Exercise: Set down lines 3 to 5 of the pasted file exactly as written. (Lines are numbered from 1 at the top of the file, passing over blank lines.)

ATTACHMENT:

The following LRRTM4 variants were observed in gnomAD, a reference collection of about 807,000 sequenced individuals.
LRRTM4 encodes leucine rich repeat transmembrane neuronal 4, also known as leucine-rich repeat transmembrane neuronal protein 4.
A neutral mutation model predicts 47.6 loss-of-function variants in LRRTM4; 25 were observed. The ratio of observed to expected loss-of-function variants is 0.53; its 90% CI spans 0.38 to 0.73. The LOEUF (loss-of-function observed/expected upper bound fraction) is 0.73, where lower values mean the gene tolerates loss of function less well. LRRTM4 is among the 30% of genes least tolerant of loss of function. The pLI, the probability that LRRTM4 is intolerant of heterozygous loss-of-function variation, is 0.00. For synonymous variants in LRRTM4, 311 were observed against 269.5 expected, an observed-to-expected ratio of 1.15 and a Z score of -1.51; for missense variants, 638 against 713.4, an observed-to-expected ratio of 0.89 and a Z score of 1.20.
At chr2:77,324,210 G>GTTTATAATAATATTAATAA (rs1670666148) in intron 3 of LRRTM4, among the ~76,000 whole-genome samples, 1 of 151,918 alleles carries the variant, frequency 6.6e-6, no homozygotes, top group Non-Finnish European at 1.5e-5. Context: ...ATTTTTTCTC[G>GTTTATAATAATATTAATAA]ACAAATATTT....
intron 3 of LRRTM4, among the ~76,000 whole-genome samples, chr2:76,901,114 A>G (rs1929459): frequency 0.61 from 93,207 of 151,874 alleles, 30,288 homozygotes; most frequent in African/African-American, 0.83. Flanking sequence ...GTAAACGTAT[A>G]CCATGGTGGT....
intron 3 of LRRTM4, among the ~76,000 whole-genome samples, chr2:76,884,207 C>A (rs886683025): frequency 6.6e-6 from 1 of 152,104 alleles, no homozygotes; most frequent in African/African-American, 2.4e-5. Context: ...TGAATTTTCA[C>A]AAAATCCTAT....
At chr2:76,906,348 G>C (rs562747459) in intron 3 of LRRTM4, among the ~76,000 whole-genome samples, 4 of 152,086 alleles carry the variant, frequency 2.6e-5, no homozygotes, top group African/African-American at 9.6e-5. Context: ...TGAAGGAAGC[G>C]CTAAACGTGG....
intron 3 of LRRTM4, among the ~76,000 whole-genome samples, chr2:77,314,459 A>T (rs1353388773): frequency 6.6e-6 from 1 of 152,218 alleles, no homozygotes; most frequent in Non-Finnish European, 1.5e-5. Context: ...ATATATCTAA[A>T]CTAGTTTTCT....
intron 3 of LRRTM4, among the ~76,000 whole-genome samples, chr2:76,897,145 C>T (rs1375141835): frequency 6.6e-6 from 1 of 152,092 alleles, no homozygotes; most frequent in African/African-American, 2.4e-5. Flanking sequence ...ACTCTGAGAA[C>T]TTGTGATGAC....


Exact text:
A neutral mutation model predicts 47.6 loss-of-function variants in LRRTM4; 25 were observed. The ratio of observed to expected loss-of-function variants is 0.53; its 90% CI spans 0.38 to 0.73. The LOEUF (loss-of-function observed/expected upper bound fraction) is 0.73, where lower values mean the gene tolerates loss of function less well. LRRTM4 is among the 30% of genes least tolerant of loss of function. The pLI, the probability that LRRTM4 is intolerant of heterozygous loss-of-function variation, is 0.00. For synonymous variants in LRRTM4, 311 were observed against 269.5 expected, an observed-to-expected ratio of 1.15 and a Z score of -1.51; for missense variants, 638 against 713.4, an observed-to-expected ratio of 0.89 and a Z score of 1.20.
At chr2:77,324,210 G>GTTTATAATAATATTAATAA (rs1670666148) in intron 3 of LRRTM4, among the ~76,000 whole-genome samples, 1 of 151,918 alleles carries the variant, frequency 6.6e-6, no homozygotes, top group Non-Finnish European at 1.5e-5. Context: ...ATTTTTTCTC[G>GTTTATAATAATATTAATAA]ACAAATATTT....
intron 3 of LRRTM4, among the ~76,000 whole-genome samples, chr2:76,901,114 A>G (rs1929459): frequency 0.61 from 93,207 of 151,874 alleles, 30,288 homozygotes; most frequent in African/African-American, 0.83. Flanking sequence ...GTAAACGTAT[A>G]CCATGGTGGT....